An ecosystem approach to healthcare communications

The first major milestone of Mater Private Network’s digital engagement journey was the release of MyMaterPrivate, a mobile app and a portal-based solution targeted to patients, in September 2022. Designed by IBM Consulting for Microsoft and the first of its kind in Ireland, the solution enables patients to find consultants, request and book appointments, pay bills and more, all with the assistance of a built-in AI-powered chatbot. In addition to giving patients real-time information on appointment status and the like, MyMaterPrivate enables them to do it when it best suits their schedule, not during standard office hours.

While Mater Private Network’s first step into digital patient engagement represents a major step forward in its strategy, the arguably bigger story is what’s coming down the road. And how, Neville explains, the use of a single, unified solution like Microsoft Dynamics 365 is a critical enabler of its strategy. “By building a single communications infrastructure for all our digital engagement—with patients first, and PCPs and consultants beyond that—we’re really creating an ecosystem, all built around a common, secure core of information,” says Neville. “It provides us with an extremely efficient way to offer a series of interconnected capabilities to all our key stakeholder groups.”

Take PCPs, for example. Under a capability currently being deployed, PCPs will be able to log in to the portal to not only make referrals to consultants within the Mater Private Network system, but also see where their patients are in their journey through it. And by taking advantage of the built-in CRM capabilities of the Dynamics platform, Mater Private Network’s marketing team will be able to engage digitally with PCPs, ranging from email-based personalised communications to educational webinars and other targeted programs.

Nurse talking to patient in doctor's office

A legacy of innovation continues

As with its clinical innovation record, Mater Private Network’s digital transformation is all about delivering on a core commitment: providing patients with a more personalized experience and a smoother, simpler pathway to the care they need. But it’s also an acknowledgement of the Darwinian need to meet ever-rising customer expectations around convenience and information availability. As Neville explains, this dynamic applies to both patients and PCPs, and has major implications for referral market share. “At the end of the day, a PCP is more likely to refer to our consultants if we have better communications around appointments and scheduling, and other things that affect their patients’ experience,” he says. “Conservatively, we think our new digital capabilities can generate upwards of a 2% increase in our top-line growth.”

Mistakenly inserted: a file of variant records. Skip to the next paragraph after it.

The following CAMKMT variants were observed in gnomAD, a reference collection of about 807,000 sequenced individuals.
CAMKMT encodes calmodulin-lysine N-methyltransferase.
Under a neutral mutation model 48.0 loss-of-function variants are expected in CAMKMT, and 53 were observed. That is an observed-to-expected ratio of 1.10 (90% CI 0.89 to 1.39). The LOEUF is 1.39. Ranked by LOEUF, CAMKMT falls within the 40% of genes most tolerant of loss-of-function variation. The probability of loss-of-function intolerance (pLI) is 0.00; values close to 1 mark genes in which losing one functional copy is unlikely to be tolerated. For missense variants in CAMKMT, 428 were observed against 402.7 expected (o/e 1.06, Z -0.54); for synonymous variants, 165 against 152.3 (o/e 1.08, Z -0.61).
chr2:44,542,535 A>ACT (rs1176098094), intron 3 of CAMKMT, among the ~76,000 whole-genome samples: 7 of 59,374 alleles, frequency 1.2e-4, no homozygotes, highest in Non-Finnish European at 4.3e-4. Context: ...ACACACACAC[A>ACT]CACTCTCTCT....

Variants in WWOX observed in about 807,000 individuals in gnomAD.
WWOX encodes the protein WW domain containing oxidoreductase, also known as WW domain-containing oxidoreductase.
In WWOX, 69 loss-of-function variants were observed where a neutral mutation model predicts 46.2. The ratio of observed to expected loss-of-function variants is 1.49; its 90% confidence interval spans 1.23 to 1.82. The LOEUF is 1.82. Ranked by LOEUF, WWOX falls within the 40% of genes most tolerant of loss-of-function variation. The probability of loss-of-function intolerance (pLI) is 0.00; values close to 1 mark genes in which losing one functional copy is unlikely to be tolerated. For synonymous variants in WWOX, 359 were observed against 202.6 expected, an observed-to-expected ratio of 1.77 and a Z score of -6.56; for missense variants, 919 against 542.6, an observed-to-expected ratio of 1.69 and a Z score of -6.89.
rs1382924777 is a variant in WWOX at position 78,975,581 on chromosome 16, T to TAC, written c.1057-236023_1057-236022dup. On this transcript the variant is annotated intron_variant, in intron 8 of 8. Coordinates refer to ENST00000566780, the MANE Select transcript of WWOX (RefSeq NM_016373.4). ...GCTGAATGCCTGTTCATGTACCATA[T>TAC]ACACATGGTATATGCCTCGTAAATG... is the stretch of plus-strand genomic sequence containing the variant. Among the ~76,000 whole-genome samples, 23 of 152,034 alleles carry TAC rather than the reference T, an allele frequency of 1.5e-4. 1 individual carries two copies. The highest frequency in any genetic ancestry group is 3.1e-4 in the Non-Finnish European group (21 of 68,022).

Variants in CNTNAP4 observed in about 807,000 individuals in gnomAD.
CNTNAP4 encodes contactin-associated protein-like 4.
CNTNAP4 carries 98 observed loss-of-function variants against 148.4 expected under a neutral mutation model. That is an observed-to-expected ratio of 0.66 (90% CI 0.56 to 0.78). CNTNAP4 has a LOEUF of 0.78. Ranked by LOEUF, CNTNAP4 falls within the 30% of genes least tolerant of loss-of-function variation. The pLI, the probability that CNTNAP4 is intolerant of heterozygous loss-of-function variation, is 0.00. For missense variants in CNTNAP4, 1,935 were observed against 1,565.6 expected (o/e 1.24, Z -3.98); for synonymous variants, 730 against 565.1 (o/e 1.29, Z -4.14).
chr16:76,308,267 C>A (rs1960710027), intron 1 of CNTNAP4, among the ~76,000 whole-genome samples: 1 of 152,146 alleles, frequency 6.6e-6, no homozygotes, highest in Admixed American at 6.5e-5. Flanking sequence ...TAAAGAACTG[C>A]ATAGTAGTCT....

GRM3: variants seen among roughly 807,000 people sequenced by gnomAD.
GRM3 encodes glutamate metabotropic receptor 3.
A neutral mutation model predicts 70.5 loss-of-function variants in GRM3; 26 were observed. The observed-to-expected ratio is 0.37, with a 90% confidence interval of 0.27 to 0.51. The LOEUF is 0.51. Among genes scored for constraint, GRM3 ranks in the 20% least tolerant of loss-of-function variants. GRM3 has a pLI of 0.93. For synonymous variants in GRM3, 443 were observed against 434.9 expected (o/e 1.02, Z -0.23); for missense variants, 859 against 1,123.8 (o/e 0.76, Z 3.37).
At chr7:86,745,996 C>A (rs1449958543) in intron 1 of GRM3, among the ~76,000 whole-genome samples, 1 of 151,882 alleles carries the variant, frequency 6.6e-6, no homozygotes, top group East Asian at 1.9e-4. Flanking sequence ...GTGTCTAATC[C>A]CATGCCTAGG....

On top of that, the availability of always-on digital access to appointment information—in combination with the convenience of an AI chatbot to get fast answers—is expected to eventually reduce inbound call volume to the Mater Private Network contact center by 25% or more. In addition to internal efficiency improvements, that translates into a simpler, more satisfying experience for patients.

To Neville, Mater Private Network’s transformation journey represents the latest chapter an ongoing story of evolution and innovation. “We see our digital engagement strategy as a direct outgrowth of our mission of putting patients first,” he says, “and an affirmation of our commitment to it going forward.”

About Mater Private Network

Based in Dublin, Mater Private Network (link resides outside of ibm.com) is Ireland’s largest private hospital network, with approximately 280 patient beds and more than 2,150 employees—including more than 300 consultants. A national leader in heart and cancer specialties, Mater Private Network has a strong reputation for medical innovation and providing high quality patient care.